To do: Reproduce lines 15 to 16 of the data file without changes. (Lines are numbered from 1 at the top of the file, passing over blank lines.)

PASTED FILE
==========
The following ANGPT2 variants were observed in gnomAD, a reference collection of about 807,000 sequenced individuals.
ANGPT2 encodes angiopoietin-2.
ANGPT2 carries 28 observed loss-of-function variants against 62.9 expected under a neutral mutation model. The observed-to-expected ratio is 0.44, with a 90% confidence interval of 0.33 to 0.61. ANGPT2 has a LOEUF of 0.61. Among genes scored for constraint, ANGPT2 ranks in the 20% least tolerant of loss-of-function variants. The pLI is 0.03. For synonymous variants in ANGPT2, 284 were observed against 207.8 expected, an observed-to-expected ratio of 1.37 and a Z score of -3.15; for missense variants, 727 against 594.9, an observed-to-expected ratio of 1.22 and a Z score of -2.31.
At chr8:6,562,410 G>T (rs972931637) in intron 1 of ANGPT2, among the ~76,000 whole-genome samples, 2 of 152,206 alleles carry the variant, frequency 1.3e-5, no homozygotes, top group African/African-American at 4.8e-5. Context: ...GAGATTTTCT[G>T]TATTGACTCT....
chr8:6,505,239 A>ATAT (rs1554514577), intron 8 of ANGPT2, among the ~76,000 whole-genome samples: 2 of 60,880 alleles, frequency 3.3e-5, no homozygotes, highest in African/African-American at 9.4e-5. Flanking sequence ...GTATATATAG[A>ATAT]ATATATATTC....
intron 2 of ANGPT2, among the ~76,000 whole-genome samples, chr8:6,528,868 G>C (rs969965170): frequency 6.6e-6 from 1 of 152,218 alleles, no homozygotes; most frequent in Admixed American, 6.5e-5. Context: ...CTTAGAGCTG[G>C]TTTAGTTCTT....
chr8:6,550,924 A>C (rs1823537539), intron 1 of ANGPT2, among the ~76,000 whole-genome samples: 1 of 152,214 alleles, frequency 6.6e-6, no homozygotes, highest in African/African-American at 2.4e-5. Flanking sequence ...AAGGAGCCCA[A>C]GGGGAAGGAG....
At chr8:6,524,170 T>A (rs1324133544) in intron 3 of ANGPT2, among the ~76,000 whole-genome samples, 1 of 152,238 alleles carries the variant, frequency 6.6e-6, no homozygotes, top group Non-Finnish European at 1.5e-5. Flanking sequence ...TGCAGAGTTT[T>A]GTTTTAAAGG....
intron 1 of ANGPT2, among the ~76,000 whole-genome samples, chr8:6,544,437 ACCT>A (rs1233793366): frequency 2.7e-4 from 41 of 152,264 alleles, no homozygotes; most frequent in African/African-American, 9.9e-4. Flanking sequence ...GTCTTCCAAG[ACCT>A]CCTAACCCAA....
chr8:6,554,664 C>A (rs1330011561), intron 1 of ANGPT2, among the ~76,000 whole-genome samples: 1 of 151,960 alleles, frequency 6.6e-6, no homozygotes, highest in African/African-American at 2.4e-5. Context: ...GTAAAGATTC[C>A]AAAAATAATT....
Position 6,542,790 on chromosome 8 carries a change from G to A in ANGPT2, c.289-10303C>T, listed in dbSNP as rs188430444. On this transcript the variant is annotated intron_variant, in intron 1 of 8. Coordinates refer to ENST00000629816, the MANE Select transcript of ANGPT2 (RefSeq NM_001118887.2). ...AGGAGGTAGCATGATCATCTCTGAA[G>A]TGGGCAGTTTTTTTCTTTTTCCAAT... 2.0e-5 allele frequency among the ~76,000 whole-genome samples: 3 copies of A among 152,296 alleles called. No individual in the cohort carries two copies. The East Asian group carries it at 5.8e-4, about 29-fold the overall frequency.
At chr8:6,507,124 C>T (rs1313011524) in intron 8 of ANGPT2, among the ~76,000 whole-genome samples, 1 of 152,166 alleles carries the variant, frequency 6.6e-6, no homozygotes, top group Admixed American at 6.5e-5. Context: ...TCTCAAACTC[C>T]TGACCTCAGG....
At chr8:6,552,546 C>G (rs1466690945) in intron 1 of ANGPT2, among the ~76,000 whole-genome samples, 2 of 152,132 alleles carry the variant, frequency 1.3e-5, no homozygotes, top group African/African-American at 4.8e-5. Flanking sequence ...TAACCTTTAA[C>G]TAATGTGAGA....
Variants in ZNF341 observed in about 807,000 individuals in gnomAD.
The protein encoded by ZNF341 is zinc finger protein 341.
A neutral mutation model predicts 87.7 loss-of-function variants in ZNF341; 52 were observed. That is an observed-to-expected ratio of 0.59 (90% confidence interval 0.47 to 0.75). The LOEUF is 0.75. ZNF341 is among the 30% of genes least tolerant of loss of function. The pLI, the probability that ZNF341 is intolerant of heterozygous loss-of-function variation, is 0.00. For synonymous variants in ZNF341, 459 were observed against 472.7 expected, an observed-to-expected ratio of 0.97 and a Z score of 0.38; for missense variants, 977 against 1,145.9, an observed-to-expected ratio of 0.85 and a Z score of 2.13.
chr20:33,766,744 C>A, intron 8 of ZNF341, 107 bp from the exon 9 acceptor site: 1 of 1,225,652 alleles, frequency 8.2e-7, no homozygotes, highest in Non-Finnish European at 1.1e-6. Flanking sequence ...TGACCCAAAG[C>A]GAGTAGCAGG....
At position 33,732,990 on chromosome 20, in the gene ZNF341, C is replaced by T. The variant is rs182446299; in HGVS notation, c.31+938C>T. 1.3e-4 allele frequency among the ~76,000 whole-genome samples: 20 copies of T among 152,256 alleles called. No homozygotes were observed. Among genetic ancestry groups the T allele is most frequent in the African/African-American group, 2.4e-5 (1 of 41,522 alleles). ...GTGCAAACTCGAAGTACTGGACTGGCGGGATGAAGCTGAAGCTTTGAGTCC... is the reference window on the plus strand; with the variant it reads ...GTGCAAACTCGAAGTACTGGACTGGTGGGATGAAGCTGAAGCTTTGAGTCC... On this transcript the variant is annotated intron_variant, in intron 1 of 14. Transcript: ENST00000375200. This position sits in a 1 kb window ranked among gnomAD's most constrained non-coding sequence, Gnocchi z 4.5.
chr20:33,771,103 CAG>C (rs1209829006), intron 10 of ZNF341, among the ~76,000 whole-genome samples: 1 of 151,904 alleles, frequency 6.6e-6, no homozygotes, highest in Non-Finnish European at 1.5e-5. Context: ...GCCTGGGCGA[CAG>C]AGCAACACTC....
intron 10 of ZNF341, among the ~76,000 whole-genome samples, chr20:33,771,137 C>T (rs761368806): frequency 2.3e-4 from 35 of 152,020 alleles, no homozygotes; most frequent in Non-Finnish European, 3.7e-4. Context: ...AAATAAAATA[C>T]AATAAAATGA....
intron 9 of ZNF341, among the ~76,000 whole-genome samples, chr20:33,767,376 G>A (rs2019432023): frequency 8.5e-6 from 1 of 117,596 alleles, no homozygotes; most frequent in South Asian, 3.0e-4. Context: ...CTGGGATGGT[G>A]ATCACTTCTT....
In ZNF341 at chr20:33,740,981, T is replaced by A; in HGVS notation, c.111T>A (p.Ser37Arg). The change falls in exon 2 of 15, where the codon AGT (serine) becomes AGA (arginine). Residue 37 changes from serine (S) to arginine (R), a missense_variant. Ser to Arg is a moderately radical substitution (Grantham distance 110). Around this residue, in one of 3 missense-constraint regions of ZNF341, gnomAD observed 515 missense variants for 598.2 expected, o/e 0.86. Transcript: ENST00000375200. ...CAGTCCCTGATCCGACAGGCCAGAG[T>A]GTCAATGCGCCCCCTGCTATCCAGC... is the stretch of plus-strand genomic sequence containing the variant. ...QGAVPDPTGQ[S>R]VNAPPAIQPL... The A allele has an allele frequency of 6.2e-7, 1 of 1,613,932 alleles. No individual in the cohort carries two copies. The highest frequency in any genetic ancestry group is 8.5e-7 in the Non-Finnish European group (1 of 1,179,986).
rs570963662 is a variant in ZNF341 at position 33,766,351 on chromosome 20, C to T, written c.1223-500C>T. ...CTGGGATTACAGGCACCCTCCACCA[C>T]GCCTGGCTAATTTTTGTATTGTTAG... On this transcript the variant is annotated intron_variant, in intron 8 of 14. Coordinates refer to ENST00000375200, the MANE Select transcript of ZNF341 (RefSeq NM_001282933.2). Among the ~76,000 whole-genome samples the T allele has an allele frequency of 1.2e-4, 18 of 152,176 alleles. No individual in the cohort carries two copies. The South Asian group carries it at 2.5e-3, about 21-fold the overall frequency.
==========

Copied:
The protein encoded by ZNF341 is zinc finger protein 341.
A neutral mutation model predicts 87.7 loss-of-function variants in ZNF341; 52 were observed. That is an observed-to-expected ratio of 0.59 (90% confidence interval 0.47 to 0.75). The LOEUF is 0.75. ZNF341 is among the 30% of genes least tolerant of loss of function. The pLI, the probability that ZNF341 is intolerant of heterozygous loss-of-function variation, is 0.00. For synonymous variants in ZNF341, 459 were observed against 472.7 expected, an observed-to-expected ratio of 0.97 and a Z score of 0.38; for missense variants, 977 against 1,145.9, an observed-to-expected ratio of 0.85 and a Z score of 2.13.